The plurality of struts 215 is mounted between the distal tip 211 and catheter so that the distal end of each strut terminates at the proximal end of the distal tip 211 and the proximal end of each strut terminates at the catheter 310. The length of struts included in the plurality of struts 215 between the distal tip 211 and catheter is between three and four times as long as the distal tip 211. In a preferred embodiment, there are between ten and twenty individual struts 215. Other embodiments may include different numbers of struts 215.

Each strut in the plurality of struts 215 includes at least one electrode from the plurality of electrodes 235. Each electrode 235 includes a thermocouple 236 so that the temperature of each electrode 235 can be monitored separately. The electrodes 235 are slightly arced needle electrodes, mounted in such a way as to curve away from the distal tip 211. Each electrode 235 is staggered along the length of the strut 215 relative to the other electrodes 235 so that taken together, the plurality of electrodes 235 are evenly distributed at different lengths along the struts 215.

In a preferred embodiment, the electrodes 235 are disposed to deliver RF energy to the stomach and portions of the duodenum that are generally proximate to the stomach. In other embodiments, the electrodes 235 may be disposed to deliver microwave, laser, ELF (extremely low frequency) or other therapeutic energies. The electrodes 235 may also be disposed to deliver a variety of substances such as cooling liquids and pharmaceutical agents.

In addition to the struts 215, a balloon 220 is also mounted between the distal tip 215 and the catheter 310. The balloon 220 is coupled in such a way that the exterior portion of the balloon 220 is encircled by the set of struts 215. Inflation of the balloon 220 causes the electrodes 235 to be brought into closer proximity to the targeted tissue in the duodenum and stomach. In a preferred embodiment, the balloon 220 can be inflated with a variety of cooling liquids such as saline, Ringers or water. In other embodiments, the balloon 220 includes a plurality of micropores. In such embodiments, pharmacological agents such as irrigating fluids, antibiotics, anti-inflammatories, anti-spasmodics and anesthetics can be exuded from micropores in the balloon. Some of the lumens included in the plurality of lumens are dedicated to inflation and deflation of the balloon 220.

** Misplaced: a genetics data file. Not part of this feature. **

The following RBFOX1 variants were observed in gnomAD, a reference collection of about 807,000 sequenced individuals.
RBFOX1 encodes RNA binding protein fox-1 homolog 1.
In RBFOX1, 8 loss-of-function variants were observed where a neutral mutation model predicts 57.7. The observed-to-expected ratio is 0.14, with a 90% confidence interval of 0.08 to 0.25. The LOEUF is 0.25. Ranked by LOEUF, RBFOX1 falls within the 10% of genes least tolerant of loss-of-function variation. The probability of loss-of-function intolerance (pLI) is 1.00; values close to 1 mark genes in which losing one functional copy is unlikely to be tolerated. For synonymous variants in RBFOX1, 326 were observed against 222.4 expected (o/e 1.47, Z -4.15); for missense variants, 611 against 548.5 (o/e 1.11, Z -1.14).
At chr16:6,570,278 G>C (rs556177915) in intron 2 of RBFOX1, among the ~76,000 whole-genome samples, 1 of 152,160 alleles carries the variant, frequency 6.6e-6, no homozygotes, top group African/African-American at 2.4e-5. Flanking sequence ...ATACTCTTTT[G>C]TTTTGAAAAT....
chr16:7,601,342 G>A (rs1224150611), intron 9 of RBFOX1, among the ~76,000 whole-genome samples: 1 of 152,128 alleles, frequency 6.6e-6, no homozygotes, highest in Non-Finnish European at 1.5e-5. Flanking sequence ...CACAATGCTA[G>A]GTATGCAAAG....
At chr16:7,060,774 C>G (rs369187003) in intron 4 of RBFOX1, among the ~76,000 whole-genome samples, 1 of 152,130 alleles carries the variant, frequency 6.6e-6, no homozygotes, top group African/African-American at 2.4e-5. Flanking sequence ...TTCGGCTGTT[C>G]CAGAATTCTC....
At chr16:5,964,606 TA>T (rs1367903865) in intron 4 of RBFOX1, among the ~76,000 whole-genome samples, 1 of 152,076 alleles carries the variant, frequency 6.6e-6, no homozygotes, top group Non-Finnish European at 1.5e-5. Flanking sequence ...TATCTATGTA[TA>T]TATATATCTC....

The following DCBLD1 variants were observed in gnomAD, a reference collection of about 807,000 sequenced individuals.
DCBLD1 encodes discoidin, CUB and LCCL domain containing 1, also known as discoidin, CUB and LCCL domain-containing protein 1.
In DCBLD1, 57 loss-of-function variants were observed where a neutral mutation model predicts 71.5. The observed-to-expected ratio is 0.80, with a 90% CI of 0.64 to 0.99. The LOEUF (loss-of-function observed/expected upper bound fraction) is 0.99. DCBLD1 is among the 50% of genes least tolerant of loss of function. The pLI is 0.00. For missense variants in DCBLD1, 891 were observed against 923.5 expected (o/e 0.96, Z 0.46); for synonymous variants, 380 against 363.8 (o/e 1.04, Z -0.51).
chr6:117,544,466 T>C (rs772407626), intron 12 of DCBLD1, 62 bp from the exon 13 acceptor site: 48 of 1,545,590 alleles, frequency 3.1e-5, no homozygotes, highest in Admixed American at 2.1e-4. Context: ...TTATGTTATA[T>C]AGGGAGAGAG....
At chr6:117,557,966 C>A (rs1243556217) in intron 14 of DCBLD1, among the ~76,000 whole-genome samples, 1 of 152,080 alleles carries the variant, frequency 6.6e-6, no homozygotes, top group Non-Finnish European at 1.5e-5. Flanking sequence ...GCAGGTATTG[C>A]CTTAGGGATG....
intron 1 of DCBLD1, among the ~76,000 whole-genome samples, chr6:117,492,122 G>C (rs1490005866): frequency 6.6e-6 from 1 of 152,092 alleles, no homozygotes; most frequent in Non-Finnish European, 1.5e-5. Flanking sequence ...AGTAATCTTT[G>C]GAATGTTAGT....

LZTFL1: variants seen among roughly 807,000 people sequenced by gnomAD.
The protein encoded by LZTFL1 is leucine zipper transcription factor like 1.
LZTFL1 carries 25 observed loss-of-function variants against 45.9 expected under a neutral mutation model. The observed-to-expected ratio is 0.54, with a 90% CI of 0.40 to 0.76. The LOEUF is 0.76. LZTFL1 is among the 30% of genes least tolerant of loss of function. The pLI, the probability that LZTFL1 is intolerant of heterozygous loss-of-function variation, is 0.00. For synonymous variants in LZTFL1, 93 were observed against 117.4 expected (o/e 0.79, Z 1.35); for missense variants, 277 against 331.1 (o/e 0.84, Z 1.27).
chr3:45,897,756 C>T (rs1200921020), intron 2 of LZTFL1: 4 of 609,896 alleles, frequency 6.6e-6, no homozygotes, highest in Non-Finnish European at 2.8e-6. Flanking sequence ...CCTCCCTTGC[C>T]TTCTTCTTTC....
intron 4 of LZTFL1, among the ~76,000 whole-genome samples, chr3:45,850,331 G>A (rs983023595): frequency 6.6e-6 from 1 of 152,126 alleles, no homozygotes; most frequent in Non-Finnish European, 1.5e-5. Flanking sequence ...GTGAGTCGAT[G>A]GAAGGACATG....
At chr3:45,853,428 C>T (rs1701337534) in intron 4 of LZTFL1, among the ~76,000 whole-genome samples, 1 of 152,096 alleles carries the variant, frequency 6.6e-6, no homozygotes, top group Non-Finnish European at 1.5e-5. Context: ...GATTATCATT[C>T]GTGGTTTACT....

The lumens are disposed to control the electrodes 235, transmit the RF energy or channel the fluids to the treatment balloon 220. All of the lumens 130 traverse the entire length of the catheter 310 and terminate at the treatment element 210 either at an electrode 235, a thermocouple 236 or in the interior of a treatment balloon 220.

FIG. 3 is a block diagram of a control apparatus to be used with a first or second device in a system for treatment of obesity.

A system 300 is used to control the delivery of energy, cooling fluids and pharmaceutical agents through the first and second devices described infra.